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Detecting Breast Cancer During Pregnancy: Insight on the Challenging Diagnosis

By BCRF | October 11, 2018

When a pregnant woman is diagnosed with breast cancer, treatment must consider the woman’s cancer but also the potential risks to the fetus.

Most pregnant women do not think about breast cancer, yet one in about 3,000 women will be diagnosed during a pregnancy – and about 1 in 1,000 pregnancies are complicated by a breast cancer diagnosis.

There are concerns that the incidence of pregnancy-associated breast cancer is increasing, possibly due to the increasing age of first-time moms to over 30 years old. In most cases, the reasons for a diagnosis are unlikely related to the pregnancy.

Detecting breast cancer during pregnancy

Breast cancers are harder to find in pregnant women. Sometimes the symptoms are overlooked and attributed to the pregnancy. In addition, breasts are enlarged during pregnancy making a mass difficult to detect. Mammograms are not typically performed in pregnant women due to potential radiation to the fetus. They are also not as effective due to the increased tissue density of the breast during pregnancy.

While clinical data on pregnancy and breast cancer is limited, some studies have reported that breast cancers during pregnancy are more likely to be larger and more advanced. Despite this, prognoses for pregnant women are similar to non-pregnant women.  Treatment however, is more complicated. 

Breast cancer treatment during pregnancy

“Treatment considerations during pregnancy must take into account not only the best way to treat the woman with her cancer, but also the potential risks of treatment to the fetus,” explained BCRF investigator Dr. Ann Partridge, Professor of Medicine, Harvard Medical School and Director of the Adult Survivorship Program, Dana Farber/ Brigham and Women’s Cancer Center (Boston).

“Caring for a woman with breast cancer during a pregnancy requires a multidisciplinary team with experience not only with breast cancer, but with maternal-fetal medicine and fetal/neonatal health. Given how difficult this situation can be, attention to a woman and her loved ones’ psychosocial health is also imperative.”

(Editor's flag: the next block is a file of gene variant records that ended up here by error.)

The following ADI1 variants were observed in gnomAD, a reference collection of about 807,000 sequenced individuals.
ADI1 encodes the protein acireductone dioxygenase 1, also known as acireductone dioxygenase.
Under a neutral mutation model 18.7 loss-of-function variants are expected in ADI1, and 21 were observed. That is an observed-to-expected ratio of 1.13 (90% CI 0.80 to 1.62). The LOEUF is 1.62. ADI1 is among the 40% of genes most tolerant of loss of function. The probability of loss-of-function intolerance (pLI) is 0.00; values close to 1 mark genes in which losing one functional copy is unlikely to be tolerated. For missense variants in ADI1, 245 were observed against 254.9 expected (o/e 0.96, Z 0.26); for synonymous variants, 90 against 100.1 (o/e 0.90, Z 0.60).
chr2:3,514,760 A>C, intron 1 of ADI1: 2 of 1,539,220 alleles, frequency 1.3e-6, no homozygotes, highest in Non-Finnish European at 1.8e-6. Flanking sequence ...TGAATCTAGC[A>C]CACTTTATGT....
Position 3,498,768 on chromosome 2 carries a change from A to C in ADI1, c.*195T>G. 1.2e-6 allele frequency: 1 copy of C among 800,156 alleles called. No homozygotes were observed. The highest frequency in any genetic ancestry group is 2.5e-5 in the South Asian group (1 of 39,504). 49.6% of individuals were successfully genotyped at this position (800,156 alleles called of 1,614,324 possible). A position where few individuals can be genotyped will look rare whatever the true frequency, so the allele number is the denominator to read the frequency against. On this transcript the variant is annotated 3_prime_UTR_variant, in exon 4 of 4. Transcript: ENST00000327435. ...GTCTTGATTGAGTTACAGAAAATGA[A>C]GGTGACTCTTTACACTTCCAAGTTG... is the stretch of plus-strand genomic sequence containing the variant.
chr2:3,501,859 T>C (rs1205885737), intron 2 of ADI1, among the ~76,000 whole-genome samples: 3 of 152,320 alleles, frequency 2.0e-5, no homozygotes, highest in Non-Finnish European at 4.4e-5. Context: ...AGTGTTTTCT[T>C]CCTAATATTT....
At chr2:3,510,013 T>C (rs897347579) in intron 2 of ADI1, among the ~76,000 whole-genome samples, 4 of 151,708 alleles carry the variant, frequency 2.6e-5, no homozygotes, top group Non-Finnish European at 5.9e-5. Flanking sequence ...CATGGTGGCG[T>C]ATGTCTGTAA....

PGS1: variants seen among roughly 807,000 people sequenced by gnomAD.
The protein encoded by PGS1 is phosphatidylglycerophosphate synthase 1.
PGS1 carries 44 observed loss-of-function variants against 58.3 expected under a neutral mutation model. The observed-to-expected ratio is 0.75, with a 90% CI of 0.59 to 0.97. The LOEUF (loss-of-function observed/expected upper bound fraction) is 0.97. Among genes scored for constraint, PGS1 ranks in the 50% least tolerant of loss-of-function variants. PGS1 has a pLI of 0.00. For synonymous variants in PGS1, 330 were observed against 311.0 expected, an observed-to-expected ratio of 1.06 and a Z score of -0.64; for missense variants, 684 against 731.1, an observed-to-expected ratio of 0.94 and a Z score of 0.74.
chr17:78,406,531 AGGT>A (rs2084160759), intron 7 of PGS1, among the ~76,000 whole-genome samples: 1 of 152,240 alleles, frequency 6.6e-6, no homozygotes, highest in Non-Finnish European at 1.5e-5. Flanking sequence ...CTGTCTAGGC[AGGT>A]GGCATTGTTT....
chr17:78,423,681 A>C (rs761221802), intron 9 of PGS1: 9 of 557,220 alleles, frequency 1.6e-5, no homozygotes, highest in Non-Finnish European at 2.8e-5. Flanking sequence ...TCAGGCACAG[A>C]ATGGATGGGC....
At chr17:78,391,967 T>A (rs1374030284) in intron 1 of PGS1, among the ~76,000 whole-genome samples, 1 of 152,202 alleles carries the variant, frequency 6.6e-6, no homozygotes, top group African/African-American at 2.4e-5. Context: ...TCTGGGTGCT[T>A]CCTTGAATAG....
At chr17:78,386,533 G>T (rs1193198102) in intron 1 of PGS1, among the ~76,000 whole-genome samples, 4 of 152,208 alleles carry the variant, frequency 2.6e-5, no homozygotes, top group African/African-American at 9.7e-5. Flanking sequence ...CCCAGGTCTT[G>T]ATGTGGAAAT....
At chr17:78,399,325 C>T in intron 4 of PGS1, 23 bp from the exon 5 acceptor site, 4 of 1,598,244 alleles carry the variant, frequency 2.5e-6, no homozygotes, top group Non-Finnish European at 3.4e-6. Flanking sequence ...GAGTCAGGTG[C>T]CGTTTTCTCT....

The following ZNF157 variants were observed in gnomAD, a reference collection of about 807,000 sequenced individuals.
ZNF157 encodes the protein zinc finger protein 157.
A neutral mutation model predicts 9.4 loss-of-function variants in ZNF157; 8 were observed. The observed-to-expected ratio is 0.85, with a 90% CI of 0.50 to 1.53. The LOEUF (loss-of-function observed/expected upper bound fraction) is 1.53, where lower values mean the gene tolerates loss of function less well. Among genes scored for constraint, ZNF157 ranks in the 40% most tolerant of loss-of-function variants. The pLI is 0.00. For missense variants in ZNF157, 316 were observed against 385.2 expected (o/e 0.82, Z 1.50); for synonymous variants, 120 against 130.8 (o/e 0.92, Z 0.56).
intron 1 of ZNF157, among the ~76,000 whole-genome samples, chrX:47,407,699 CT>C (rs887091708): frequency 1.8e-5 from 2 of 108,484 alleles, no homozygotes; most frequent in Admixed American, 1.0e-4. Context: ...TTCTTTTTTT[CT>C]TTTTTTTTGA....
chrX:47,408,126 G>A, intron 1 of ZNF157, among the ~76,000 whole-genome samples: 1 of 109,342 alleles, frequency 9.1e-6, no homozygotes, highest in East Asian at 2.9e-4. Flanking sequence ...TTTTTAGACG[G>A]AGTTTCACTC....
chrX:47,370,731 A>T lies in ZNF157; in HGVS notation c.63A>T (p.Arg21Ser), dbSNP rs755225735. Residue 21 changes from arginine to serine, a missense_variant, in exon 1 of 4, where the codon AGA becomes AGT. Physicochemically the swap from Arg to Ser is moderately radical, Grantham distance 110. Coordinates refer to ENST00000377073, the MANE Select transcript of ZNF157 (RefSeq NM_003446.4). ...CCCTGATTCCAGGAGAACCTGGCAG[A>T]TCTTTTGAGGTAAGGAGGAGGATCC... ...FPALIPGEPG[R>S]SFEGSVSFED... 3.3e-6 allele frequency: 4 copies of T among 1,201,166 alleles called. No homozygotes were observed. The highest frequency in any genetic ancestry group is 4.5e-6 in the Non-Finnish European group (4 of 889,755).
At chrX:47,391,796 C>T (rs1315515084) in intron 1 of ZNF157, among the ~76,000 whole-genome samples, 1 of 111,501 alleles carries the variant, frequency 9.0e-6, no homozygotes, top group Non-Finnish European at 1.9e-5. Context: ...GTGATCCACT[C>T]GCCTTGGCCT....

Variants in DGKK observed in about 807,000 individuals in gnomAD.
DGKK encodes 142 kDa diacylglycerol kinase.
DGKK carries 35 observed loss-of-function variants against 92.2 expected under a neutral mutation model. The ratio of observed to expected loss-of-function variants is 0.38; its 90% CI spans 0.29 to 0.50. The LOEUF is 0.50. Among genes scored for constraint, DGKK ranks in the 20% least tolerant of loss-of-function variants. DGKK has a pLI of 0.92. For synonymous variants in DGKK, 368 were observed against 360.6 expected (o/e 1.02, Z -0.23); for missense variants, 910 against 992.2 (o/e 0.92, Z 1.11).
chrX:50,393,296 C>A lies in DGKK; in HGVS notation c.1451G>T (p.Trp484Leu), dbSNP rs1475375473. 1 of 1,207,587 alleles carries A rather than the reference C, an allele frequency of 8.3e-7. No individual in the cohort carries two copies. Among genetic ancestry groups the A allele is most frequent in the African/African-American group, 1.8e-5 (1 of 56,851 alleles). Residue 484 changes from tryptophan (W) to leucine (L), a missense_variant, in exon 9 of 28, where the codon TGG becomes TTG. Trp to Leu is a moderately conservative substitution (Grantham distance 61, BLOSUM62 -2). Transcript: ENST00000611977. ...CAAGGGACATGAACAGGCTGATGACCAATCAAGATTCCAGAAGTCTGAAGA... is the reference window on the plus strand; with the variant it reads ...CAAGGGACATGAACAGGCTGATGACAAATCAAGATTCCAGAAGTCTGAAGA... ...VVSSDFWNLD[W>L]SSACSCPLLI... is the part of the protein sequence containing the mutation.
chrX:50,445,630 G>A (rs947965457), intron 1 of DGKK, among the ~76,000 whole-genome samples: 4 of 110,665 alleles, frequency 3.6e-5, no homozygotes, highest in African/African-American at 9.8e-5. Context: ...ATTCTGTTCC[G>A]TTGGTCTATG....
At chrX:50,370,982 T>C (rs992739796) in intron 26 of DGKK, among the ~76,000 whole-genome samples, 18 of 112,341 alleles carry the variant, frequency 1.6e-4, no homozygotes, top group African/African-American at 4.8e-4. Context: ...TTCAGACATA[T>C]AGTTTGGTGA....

Just like in patients who are not pregnant, treatment decisions are based on stage of disease (extent of the disease in the breast, lymph node status, and whether it has spread to other organs), and type of breast cancer which helps doctors determine the best treatment. In pregnant women, however, timing of treatment is critical and specifically, the trimester of the fetus at diagnosis.

While treating breast cancer during pregnancy creates new challenges for mother and oncologist, several treatment options exist once the pregnancy has advanced to second and third trimester. Fetal ultrasound is used to monitor fetal growth and health throughout treatment and is a safe for monitoring the mother’s response to treatment.

For early stage breast cancer, surgery is generally safe to remove the tumor in pregnant women during any trimester.  Radiation is avoided during pregnancy as it can potentially harm the fetus, so some pregnant women are better off having a mastectomy to avoid radiation during pregnancy.  However, if a woman is later in her pregnancy at diagnosis, or she needs chemotherapy which can be given during later pregnancy, breast preservation may be possible if radiation can be put off until after delivery. 

Certain standard breast cancer chemotherapies are safe in the second or third trimester of pregnancy, but generally not the first trimester.  Hormone treatment and targeted therapies such as Herceptin and the newer class of drugs called CDK4/6 inhibitors (Ibrance, Verzenio, Kisquali) are not considered safe during pregnancy at all as they may harm the fetus. Thus, for a woman who may benefit from these treatments, compromises may need to be made regarding optimal timing of treatment.  All chemotherapy is generally held at least three weeks prior to delivery to prevent complications around delivery to either the mother or fetus.

Except in rare cases, for instance if a woman is diagnosed with advanced breast cancer early in her pregnancy, ending the pregnancy is not generally recommended in order for a woman to get better treatment as it has not shown to improve the breast cancer outcome for the mother.

What should a pregnant woman diagnosed with breast cancer know?

Dr. Partridge suggests:

  • Treatment options: Be sure to discuss your treatment options and priorities with your oncologist, gynecologist and partner.  Get a second opinion if you think it would be helpful as some centers have more experience with managing pregnant breast cancer patients than others.
  • Can I breastfeed after treatment? Once therapy is completed, it is safe to breastfeed, but consult your care team if breast cancer surgery or treatment is planned after birth.
  • Future pregnancies. Some chemotherapy and hormonal therapies can cause premature menopause.  Discuss your fertility concerns and plans for future pregnancies with your oncologist before treatment begins and options for putting eggs to sleep with medicine or freezing (cryopreservation) eggs or embryos to preserve fertility for the future. Also, depending on your disease, delays of two-five years before your next pregnancy may be recommended.